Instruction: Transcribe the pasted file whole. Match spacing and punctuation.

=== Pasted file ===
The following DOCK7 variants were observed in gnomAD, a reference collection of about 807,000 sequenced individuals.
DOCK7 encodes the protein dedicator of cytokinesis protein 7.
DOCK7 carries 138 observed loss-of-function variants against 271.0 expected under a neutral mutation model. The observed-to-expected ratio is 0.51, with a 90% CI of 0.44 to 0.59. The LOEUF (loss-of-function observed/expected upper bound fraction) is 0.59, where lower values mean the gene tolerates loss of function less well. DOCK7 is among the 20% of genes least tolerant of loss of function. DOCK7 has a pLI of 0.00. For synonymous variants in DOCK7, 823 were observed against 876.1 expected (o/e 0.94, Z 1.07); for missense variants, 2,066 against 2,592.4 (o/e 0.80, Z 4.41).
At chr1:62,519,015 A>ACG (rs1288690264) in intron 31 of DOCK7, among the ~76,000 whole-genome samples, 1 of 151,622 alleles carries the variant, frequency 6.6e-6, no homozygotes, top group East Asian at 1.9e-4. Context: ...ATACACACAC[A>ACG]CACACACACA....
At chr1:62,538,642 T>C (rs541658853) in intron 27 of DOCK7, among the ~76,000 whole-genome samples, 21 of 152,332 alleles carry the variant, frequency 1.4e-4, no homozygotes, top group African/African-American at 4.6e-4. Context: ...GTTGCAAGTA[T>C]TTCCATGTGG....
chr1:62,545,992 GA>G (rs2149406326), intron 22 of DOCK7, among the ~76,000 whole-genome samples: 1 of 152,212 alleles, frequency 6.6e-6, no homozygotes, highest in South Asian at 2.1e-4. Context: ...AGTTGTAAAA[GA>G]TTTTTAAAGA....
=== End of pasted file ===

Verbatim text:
The following DOCK7 variants were observed in gnomAD, a reference collection of about 807,000 sequenced individuals.
DOCK7 encodes the protein dedicator of cytokinesis protein 7.
DOCK7 carries 138 observed loss-of-function variants against 271.0 expected under a neutral mutation model. The observed-to-expected ratio is 0.51, with a 90% CI of 0.44 to 0.59. The LOEUF (loss-of-function observed/expected upper bound fraction) is 0.59, where lower values mean the gene tolerates loss of function less well. DOCK7 is among the 20% of genes least tolerant of loss of function. DOCK7 has a pLI of 0.00. For synonymous variants in DOCK7, 823 were observed against 876.1 expected (o/e 0.94, Z 1.07); for missense variants, 2,066 against 2,592.4 (o/e 0.80, Z 4.41).
At chr1:62,519,015 A>ACG (rs1288690264) in intron 31 of DOCK7, among the ~76,000 whole-genome samples, 1 of 151,622 alleles carries the variant, frequency 6.6e-6, no homozygotes, top group East Asian at 1.9e-4. Context: ...ATACACACAC[A>ACG]CACACACACA....
At chr1:62,538,642 T>C (rs541658853) in intron 27 of DOCK7, among the ~76,000 whole-genome samples, 21 of 152,332 alleles carry the variant, frequency 1.4e-4, no homozygotes, top group African/African-American at 4.6e-4. Context: ...GTTGCAAGTA[T>C]TTCCATGTGG....
chr1:62,545,992 GA>G (rs2149406326), intron 22 of DOCK7, among the ~76,000 whole-genome samples: 1 of 152,212 alleles, frequency 6.6e-6, no homozygotes, highest in South Asian at 2.1e-4. Context: ...AGTTGTAAAA[GA>G]TTTTTAAAGA....